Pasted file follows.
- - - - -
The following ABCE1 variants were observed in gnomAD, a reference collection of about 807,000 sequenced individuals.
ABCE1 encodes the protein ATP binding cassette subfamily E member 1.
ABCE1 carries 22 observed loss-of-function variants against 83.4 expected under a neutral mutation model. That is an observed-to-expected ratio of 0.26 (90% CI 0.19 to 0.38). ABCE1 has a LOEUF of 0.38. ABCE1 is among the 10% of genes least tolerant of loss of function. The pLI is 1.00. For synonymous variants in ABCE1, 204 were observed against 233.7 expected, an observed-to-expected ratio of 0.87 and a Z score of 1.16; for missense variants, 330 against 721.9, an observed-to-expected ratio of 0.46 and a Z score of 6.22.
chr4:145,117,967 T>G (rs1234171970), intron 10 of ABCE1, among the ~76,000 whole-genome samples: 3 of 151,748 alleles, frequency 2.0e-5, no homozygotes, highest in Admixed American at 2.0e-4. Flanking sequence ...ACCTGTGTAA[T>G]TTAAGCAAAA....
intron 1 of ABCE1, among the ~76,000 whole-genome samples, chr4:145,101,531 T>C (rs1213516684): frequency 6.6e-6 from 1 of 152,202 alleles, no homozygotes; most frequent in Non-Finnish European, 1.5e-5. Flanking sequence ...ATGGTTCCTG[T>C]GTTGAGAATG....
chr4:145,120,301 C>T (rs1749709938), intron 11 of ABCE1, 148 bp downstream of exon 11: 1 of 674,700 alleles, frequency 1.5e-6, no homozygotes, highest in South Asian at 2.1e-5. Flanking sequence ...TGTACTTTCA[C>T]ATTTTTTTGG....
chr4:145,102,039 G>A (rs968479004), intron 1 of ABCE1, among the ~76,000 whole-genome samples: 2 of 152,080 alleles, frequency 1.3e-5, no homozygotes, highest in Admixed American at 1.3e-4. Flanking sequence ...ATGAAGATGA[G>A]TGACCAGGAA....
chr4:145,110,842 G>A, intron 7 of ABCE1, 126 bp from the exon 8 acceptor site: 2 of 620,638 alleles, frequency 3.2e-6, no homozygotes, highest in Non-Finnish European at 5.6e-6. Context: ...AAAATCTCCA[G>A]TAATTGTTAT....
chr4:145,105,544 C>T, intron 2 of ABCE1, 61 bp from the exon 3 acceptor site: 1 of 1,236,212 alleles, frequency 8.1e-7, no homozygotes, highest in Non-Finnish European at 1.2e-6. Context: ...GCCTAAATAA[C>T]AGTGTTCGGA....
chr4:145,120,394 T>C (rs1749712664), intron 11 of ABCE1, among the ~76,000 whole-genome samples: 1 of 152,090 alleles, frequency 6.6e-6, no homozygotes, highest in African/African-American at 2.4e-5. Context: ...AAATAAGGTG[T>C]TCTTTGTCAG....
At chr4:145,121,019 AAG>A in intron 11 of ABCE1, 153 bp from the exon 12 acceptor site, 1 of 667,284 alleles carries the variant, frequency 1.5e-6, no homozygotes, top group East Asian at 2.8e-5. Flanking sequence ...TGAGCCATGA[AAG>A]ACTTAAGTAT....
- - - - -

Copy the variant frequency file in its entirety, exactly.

The following ABCE1 variants were observed in gnomAD, a reference collection of about 807,000 sequenced individuals.
ABCE1 encodes the protein ATP binding cassette subfamily E member 1.
ABCE1 carries 22 observed loss-of-function variants against 83.4 expected under a neutral mutation model. That is an observed-to-expected ratio of 0.26 (90% CI 0.19 to 0.38). ABCE1 has a LOEUF of 0.38. ABCE1 is among the 10% of genes least tolerant of loss of function. The pLI is 1.00. For synonymous variants in ABCE1, 204 were observed against 233.7 expected, an observed-to-expected ratio of 0.87 and a Z score of 1.16; for missense variants, 330 against 721.9, an observed-to-expected ratio of 0.46 and a Z score of 6.22.
chr4:145,117,967 T>G (rs1234171970), intron 10 of ABCE1, among the ~76,000 whole-genome samples: 3 of 151,748 alleles, frequency 2.0e-5, no homozygotes, highest in Admixed American at 2.0e-4. Flanking sequence ...ACCTGTGTAA[T>G]TTAAGCAAAA....
intron 1 of ABCE1, among the ~76,000 whole-genome samples, chr4:145,101,531 T>C (rs1213516684): frequency 6.6e-6 from 1 of 152,202 alleles, no homozygotes; most frequent in Non-Finnish European, 1.5e-5. Flanking sequence ...ATGGTTCCTG[T>C]GTTGAGAATG....
chr4:145,120,301 C>T (rs1749709938), intron 11 of ABCE1, 148 bp downstream of exon 11: 1 of 674,700 alleles, frequency 1.5e-6, no homozygotes, highest in South Asian at 2.1e-5. Flanking sequence ...TGTACTTTCA[C>T]ATTTTTTTGG....
chr4:145,102,039 G>A (rs968479004), intron 1 of ABCE1, among the ~76,000 whole-genome samples: 2 of 152,080 alleles, frequency 1.3e-5, no homozygotes, highest in Admixed American at 1.3e-4. Flanking sequence ...ATGAAGATGA[G>A]TGACCAGGAA....
chr4:145,110,842 G>A, intron 7 of ABCE1, 126 bp from the exon 8 acceptor site: 2 of 620,638 alleles, frequency 3.2e-6, no homozygotes, highest in Non-Finnish European at 5.6e-6. Context: ...AAAATCTCCA[G>A]TAATTGTTAT....
chr4:145,105,544 C>T, intron 2 of ABCE1, 61 bp from the exon 3 acceptor site: 1 of 1,236,212 alleles, frequency 8.1e-7, no homozygotes, highest in Non-Finnish European at 1.2e-6. Context: ...GCCTAAATAA[C>T]AGTGTTCGGA....
chr4:145,120,394 T>C (rs1749712664), intron 11 of ABCE1, among the ~76,000 whole-genome samples: 1 of 152,090 alleles, frequency 6.6e-6, no homozygotes, highest in African/African-American at 2.4e-5. Context: ...AAATAAGGTG[T>C]TCTTTGTCAG....
At chr4:145,121,019 AAG>A in intron 11 of ABCE1, 153 bp from the exon 12 acceptor site, 1 of 667,284 alleles carries the variant, frequency 1.5e-6, no homozygotes, top group East Asian at 2.8e-5. Flanking sequence ...TGAGCCATGA[AAG>A]ACTTAAGTAT....